"I'd really like to own a sailboat someday," my bartender said.
Do you sail?
"I don't. It just looks really cool," he said.
Sailing is cool, but there's far more to it than buying a boat; it takes a lifetime to master.
"I'm still learning; you're always learning" about sailing, said Dawn Riley, a champion sailor whose seagoing resume is longer than a clipper ship.
A current U.S. Sailing board member, she has three America's Cups (one leading the America True campaign in 2000) and two Whitbread Round the World Races (now known as the Volvo Ocean Race) to her credit.
Riley said that for children who learn to sail, there are a lot of options for where to continue: community sailing centers, yacht club teams, Sea Scouts, as well as high school and college sailing.
But after college or for people who learn to sail as adults?
"Then it gets a little confusing," Riley said.
Her favorite solution, obviously, is for sailors to travel to the Oakcliff Sailing Center (oakcliffsailing.org) in Oyster Bay, N.Y., where she is executive director. It recently became the first official training center for the U.S. Sailing Team. Oakcliff offers programs for people just starting out as well as those hoping for a pro career. Their fleet ranges from small keelboats to wooden classics and even grand prix racers.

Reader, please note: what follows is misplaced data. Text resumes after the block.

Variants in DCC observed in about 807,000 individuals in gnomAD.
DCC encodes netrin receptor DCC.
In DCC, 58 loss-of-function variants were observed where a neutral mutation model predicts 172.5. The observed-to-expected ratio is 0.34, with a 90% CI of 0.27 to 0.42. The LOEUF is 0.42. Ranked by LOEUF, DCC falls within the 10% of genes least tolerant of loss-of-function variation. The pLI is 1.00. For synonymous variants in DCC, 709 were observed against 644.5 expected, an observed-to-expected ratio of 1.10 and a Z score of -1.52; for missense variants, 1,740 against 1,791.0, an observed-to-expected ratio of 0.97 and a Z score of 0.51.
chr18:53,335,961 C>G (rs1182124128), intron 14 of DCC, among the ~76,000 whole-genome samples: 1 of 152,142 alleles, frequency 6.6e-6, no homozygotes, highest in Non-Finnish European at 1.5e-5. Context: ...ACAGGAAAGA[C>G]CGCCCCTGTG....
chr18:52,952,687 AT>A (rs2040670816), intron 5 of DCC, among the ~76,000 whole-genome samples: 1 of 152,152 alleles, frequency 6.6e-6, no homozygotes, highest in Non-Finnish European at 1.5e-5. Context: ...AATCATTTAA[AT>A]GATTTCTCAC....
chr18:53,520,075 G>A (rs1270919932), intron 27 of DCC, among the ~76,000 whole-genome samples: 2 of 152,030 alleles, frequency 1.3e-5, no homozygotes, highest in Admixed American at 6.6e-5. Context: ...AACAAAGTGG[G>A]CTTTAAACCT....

Apart from Oakcliff, Riley recommends visiting the Bitter End Yacht Club (beyc.com) on Virgin Gorda in the British Virgin Islands during the annual Pro Am Regatta, which attracts sailing pros such as Russell Coutts, Ed Baird and Peter Holmberg.
"You get to sail with these great sailors, and they're giving you tips and advice all day long," said Riley, who has been a pro at the regatta.
Riley said other good values for adding to your sailing knowledge include the Offshore Sailing School (offshoresailing.com) in Captiva, Fla., especially when it hosts a North U class, and the J World schools (jworldschool.com) in Annapolis, Md., and Newport, R.I.Copyright © 2014, The Baltimore Sun